Hydrodynamic instabilities in a 2-D sheet of microswimmers embedded in a 3-D fluid

Viktor Škultéty, Dóra Bárdfalvy, Joakim Stenhammar, Cesare Nardini, Alexander Morozov*

*Corresponding author for this work

Research output: Contribution to journalArticlepeer-review

Abstract / Description of output

A collection of microswimmers immersed in an incompressible fluid is characterised by strong interactions due to the long-range nature of the hydrodynamic fields generated by individual organisms. As a result, suspensions of rear-actuated `pusher' swimmers such as bacteria exhibit a collective motion state often referred to as `bacterial turbulence', characterised by large-scale chaotic flows. The onset of collective motion in pusher suspensions is classically understood within the framework of mean-field kinetic theories for dipolar swimmers. In bulk 2-D and 3-D, the theory predicts that the instability leading to bacterial turbulence is due to mutual swimmer reorientation and sets in at the largest length scale available to the suspension. Here, we construct a similar kinetic theory for the case of a dipolar microswimmer suspension restricted to a two-dimensional plane embedded in a three-dimensional incompressible fluid. This setting qualitatively mimics the effect of swimming close to a two-dimensional interface. We show that the in-plane flow fields are effectively compressible in spite of the incompressibility of the 3-D bulk fluid, and that microswimmers on average act as sources (pushers) or sinks (pullers). We analyse stability of the homogeneous and isotropic state, and find two types of instability that are qualitatively different from the bulk, three-dimensional case: First, we show that the analogue of the orientational pusher instability leading to bacterial turbulence in bulk systems instead occurs at the smallest length-scale available to the system. Second, an instability associated with density variations arises in puller suspensions as a generic consequence of the effective in-plane compressibility. We conclude that confinement can have a crucial role in determining the collective behaviour of microswimmer suspensions.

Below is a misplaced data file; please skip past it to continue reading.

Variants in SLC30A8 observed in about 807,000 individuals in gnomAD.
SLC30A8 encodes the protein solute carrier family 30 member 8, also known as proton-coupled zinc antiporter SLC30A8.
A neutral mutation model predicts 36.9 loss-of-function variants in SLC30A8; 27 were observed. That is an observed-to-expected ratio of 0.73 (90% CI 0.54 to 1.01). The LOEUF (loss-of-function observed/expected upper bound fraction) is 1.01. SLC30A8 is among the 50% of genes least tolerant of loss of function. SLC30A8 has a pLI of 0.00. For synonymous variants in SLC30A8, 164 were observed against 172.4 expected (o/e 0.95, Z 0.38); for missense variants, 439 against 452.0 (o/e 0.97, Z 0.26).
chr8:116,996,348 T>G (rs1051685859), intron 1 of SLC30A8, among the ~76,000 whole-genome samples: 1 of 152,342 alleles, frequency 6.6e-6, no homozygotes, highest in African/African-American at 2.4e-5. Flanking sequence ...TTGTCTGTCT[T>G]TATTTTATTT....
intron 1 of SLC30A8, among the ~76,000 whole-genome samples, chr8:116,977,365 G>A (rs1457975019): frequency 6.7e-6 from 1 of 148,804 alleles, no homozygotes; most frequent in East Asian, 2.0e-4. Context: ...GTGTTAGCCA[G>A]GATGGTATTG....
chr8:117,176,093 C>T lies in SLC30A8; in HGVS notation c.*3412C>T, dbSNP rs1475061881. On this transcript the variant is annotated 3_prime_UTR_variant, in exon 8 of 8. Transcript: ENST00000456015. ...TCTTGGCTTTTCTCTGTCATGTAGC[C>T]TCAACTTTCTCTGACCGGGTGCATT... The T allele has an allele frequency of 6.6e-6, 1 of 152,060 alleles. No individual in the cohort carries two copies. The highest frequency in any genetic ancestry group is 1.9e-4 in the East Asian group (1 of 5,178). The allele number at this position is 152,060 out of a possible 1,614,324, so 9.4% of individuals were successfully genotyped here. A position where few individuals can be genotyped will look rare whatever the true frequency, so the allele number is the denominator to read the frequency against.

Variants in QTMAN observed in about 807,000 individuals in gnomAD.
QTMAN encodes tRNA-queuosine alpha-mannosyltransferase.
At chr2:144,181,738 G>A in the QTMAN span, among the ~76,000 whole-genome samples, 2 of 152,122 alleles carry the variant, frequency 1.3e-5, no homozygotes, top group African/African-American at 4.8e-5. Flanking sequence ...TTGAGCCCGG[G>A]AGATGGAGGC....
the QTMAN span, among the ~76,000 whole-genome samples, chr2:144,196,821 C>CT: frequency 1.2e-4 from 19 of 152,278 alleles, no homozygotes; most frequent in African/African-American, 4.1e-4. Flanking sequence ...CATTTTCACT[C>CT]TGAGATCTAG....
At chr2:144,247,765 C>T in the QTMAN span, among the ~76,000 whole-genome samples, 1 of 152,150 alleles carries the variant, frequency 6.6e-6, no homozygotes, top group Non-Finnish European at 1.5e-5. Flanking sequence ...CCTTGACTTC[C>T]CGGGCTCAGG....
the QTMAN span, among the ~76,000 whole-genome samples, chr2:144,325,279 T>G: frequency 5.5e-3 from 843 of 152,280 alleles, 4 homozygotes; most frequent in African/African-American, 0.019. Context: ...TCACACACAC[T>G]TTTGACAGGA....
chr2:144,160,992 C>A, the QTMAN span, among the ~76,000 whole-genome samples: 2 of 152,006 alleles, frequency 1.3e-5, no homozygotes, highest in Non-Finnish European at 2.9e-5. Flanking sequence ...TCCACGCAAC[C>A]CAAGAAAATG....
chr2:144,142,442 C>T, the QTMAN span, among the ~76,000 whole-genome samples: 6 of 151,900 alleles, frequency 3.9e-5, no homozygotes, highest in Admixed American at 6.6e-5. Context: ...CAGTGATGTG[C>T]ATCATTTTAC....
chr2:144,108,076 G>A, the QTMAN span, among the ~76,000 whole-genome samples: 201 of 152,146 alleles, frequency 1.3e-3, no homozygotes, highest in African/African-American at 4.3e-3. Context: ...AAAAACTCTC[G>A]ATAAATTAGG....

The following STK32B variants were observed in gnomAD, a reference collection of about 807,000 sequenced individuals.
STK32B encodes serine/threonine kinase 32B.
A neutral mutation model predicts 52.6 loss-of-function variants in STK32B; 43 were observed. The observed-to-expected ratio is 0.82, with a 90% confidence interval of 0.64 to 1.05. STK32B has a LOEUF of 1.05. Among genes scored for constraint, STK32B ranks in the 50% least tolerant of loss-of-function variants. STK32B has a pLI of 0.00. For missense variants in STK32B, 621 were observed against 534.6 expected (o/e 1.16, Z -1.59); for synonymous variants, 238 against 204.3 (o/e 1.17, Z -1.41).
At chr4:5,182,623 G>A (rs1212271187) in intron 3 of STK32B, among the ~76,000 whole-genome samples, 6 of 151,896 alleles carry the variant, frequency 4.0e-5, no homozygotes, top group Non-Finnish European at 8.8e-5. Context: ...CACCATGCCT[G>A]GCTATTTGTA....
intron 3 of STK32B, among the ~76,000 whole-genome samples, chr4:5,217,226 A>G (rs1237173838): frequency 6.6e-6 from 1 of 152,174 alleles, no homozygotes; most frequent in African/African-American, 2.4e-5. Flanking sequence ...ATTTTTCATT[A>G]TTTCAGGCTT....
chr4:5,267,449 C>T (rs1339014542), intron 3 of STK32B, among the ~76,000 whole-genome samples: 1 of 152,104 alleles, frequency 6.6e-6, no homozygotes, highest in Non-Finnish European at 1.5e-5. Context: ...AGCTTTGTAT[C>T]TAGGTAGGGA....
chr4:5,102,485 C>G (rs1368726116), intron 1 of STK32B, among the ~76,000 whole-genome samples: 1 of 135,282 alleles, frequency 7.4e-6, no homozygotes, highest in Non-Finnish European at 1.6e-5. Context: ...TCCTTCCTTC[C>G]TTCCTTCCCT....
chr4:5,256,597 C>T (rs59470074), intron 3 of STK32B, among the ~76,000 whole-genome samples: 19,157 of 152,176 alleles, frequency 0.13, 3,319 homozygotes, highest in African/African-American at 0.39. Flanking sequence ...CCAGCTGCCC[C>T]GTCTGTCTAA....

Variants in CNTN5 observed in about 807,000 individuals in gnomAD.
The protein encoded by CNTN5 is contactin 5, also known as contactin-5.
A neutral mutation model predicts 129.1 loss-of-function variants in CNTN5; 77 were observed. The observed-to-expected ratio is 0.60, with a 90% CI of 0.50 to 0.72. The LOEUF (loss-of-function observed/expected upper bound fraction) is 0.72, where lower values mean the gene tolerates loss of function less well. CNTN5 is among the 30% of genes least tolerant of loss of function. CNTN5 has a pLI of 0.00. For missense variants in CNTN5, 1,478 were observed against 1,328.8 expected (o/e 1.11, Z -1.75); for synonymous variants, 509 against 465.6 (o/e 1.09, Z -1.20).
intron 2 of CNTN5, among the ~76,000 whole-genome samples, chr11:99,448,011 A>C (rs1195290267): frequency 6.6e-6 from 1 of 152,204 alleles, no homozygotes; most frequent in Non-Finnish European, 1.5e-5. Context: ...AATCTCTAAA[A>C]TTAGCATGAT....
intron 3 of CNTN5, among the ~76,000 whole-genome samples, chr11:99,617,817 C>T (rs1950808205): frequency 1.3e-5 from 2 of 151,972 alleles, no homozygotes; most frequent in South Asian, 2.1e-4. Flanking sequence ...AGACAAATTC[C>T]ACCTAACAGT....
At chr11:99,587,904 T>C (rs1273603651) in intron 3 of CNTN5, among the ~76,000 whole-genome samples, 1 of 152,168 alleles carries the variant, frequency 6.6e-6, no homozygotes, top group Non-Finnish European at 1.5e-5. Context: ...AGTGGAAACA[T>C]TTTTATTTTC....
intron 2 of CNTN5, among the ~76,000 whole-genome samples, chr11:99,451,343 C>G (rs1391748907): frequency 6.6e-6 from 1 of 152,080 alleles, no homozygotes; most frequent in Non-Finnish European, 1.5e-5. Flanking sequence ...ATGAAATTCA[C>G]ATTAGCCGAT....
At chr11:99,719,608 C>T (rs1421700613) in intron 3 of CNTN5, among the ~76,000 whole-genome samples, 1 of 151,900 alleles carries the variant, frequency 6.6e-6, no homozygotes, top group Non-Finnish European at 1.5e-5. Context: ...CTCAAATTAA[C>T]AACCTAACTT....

Original languageEnglish
Article numberA28
Pages (from-to)1-23
Number of pages23
JournalJournal of Fluid Mechanics
Early online date2 Feb 2024
Publication statusPublished - 10 Feb 2024

Keywords / Materials (for Non-textual outputs)

  • cond-mat.soft
  • physics.flu-dyn


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